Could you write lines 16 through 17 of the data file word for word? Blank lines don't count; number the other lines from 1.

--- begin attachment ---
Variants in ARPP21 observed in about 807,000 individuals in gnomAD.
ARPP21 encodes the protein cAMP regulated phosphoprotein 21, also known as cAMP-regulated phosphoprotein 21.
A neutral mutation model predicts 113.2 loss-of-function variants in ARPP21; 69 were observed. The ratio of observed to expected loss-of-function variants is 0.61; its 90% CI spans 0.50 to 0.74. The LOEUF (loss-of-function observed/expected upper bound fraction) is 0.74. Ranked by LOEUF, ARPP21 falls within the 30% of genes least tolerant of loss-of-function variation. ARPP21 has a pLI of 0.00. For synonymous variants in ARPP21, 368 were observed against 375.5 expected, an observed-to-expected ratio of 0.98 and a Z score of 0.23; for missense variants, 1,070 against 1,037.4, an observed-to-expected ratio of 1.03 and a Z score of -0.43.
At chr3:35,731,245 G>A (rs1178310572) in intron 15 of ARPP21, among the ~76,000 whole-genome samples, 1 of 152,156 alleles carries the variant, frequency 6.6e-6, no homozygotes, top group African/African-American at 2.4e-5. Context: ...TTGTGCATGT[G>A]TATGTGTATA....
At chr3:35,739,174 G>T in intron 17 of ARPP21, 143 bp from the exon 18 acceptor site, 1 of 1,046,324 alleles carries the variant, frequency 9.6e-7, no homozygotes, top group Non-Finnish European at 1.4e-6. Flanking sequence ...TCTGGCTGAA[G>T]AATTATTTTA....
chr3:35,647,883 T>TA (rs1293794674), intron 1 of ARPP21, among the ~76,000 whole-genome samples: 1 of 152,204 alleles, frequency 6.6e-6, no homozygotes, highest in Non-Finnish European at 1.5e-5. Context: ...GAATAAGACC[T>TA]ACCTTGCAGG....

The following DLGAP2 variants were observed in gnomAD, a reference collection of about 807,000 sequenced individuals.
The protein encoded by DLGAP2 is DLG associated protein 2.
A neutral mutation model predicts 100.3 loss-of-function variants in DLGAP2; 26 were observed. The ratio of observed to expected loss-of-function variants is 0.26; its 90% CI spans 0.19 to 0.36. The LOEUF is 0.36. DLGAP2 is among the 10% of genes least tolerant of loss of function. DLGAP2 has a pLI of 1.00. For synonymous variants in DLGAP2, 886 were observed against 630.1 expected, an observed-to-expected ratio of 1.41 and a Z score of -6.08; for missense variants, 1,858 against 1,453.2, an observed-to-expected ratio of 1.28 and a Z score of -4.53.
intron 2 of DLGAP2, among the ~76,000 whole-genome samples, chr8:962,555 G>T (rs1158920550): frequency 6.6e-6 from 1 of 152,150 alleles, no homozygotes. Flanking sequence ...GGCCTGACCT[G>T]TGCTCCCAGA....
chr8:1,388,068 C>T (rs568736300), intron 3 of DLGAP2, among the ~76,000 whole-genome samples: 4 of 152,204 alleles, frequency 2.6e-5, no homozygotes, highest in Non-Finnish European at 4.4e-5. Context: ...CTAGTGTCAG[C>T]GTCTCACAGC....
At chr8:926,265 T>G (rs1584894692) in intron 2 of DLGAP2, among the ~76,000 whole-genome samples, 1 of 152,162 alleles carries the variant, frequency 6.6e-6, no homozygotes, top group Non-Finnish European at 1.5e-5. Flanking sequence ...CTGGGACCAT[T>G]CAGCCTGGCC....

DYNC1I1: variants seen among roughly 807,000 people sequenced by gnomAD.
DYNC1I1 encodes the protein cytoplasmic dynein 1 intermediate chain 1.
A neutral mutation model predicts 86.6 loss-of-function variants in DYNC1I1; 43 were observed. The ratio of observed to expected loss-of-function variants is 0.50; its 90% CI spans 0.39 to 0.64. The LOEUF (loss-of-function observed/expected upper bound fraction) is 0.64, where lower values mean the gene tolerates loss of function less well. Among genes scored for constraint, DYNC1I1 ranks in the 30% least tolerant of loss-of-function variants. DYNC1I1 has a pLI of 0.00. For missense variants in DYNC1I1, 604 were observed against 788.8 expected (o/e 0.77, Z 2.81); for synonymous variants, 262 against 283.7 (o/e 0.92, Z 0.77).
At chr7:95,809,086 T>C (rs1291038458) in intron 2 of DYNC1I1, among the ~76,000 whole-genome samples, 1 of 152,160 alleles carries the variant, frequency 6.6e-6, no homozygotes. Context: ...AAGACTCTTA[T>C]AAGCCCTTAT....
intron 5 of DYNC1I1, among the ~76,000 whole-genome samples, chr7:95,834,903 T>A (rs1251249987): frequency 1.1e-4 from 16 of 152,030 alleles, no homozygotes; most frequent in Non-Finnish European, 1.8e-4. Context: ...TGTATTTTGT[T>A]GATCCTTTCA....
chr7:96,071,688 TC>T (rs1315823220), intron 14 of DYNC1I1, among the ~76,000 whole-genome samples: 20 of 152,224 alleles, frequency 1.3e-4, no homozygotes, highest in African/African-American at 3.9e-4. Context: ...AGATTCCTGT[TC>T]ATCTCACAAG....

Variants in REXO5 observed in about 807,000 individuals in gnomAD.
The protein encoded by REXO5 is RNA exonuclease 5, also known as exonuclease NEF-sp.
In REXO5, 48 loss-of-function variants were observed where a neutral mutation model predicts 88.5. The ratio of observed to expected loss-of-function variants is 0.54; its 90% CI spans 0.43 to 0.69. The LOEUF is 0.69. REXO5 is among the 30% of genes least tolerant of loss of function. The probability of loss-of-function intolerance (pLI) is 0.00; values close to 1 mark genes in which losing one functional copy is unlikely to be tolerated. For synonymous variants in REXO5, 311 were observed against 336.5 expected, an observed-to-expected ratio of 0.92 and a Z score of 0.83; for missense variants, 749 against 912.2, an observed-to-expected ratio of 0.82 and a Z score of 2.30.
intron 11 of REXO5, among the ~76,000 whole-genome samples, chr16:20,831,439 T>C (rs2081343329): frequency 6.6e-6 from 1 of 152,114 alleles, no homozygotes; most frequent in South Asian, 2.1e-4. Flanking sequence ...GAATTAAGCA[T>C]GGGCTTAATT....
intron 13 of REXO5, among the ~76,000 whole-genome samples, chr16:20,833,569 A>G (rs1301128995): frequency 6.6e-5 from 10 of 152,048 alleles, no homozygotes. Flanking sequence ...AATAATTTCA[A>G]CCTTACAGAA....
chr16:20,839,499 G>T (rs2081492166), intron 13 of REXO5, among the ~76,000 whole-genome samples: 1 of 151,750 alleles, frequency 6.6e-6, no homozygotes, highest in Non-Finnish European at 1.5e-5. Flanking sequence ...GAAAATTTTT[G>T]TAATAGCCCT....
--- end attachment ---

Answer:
At chr7:95,809,086 T>C (rs1291038458) in intron 2 of DYNC1I1, among the ~76,000 whole-genome samples, 1 of 152,160 alleles carries the variant, frequency 6.6e-6, no homozygotes. Context: ...AAGACTCTTA[T>C]AAGCCCTTAT....
intron 5 of DYNC1I1, among the ~76,000 whole-genome samples, chr7:95,834,903 T>A (rs1251249987): frequency 1.1e-4 from 16 of 152,030 alleles, no homozygotes; most frequent in Non-Finnish European, 1.8e-4. Context: ...TGTATTTTGT[T>A]GATCCTTTCA....